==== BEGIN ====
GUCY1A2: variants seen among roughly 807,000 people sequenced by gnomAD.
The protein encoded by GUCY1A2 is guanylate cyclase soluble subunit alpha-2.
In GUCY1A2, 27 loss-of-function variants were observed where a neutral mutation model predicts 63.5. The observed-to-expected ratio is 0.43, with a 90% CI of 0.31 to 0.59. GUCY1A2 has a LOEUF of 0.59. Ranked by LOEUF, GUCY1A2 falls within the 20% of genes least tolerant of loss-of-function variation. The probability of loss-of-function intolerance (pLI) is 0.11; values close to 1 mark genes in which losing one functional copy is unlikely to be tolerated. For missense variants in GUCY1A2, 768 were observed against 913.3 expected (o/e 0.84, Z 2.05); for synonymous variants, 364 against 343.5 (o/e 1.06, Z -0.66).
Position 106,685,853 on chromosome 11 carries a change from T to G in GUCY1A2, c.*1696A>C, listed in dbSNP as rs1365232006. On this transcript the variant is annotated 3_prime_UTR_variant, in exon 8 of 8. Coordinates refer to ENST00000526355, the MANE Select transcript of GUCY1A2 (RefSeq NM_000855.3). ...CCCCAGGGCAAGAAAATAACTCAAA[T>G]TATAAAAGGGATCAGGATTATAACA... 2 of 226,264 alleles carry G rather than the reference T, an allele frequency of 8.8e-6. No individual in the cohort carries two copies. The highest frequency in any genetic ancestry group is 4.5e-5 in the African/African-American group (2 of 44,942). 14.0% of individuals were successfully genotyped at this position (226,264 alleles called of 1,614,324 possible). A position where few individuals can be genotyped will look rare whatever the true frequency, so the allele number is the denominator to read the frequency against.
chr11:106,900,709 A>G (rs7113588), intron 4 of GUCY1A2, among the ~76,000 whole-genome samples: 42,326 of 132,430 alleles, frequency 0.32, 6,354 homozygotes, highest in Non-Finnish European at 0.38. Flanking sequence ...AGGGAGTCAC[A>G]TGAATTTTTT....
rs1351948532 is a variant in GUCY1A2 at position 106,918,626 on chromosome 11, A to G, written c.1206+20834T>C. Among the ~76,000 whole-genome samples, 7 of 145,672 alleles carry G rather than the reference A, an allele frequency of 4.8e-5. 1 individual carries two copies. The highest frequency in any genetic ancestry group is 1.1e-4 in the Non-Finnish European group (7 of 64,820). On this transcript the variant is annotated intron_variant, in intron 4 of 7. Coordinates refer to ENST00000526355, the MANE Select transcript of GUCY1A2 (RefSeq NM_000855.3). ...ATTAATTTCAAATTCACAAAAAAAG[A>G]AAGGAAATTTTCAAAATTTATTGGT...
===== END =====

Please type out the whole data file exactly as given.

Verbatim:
GUCY1A2: variants seen among roughly 807,000 people sequenced by gnomAD.
The protein encoded by GUCY1A2 is guanylate cyclase soluble subunit alpha-2.
In GUCY1A2, 27 loss-of-function variants were observed where a neutral mutation model predicts 63.5. The observed-to-expected ratio is 0.43, with a 90% CI of 0.31 to 0.59. GUCY1A2 has a LOEUF of 0.59. Ranked by LOEUF, GUCY1A2 falls within the 20% of genes least tolerant of loss-of-function variation. The probability of loss-of-function intolerance (pLI) is 0.11; values close to 1 mark genes in which losing one functional copy is unlikely to be tolerated. For missense variants in GUCY1A2, 768 were observed against 913.3 expected (o/e 0.84, Z 2.05); for synonymous variants, 364 against 343.5 (o/e 1.06, Z -0.66).
Position 106,685,853 on chromosome 11 carries a change from T to G in GUCY1A2, c.*1696A>C, listed in dbSNP as rs1365232006. On this transcript the variant is annotated 3_prime_UTR_variant, in exon 8 of 8. Coordinates refer to ENST00000526355, the MANE Select transcript of GUCY1A2 (RefSeq NM_000855.3). ...CCCCAGGGCAAGAAAATAACTCAAA[T>G]TATAAAAGGGATCAGGATTATAACA... 2 of 226,264 alleles carry G rather than the reference T, an allele frequency of 8.8e-6. No individual in the cohort carries two copies. The highest frequency in any genetic ancestry group is 4.5e-5 in the African/African-American group (2 of 44,942). 14.0% of individuals were successfully genotyped at this position (226,264 alleles called of 1,614,324 possible). A position where few individuals can be genotyped will look rare whatever the true frequency, so the allele number is the denominator to read the frequency against.
chr11:106,900,709 A>G (rs7113588), intron 4 of GUCY1A2, among the ~76,000 whole-genome samples: 42,326 of 132,430 alleles, frequency 0.32, 6,354 homozygotes, highest in Non-Finnish European at 0.38. Flanking sequence ...AGGGAGTCAC[A>G]TGAATTTTTT....
rs1351948532 is a variant in GUCY1A2 at position 106,918,626 on chromosome 11, A to G, written c.1206+20834T>C. Among the ~76,000 whole-genome samples, 7 of 145,672 alleles carry G rather than the reference A, an allele frequency of 4.8e-5. 1 individual carries two copies. The highest frequency in any genetic ancestry group is 1.1e-4 in the Non-Finnish European group (7 of 64,820). On this transcript the variant is annotated intron_variant, in intron 4 of 7. Coordinates refer to ENST00000526355, the MANE Select transcript of GUCY1A2 (RefSeq NM_000855.3). ...ATTAATTTCAAATTCACAAAAAAAG[A>G]AAGGAAATTTTCAAAATTTATTGGT...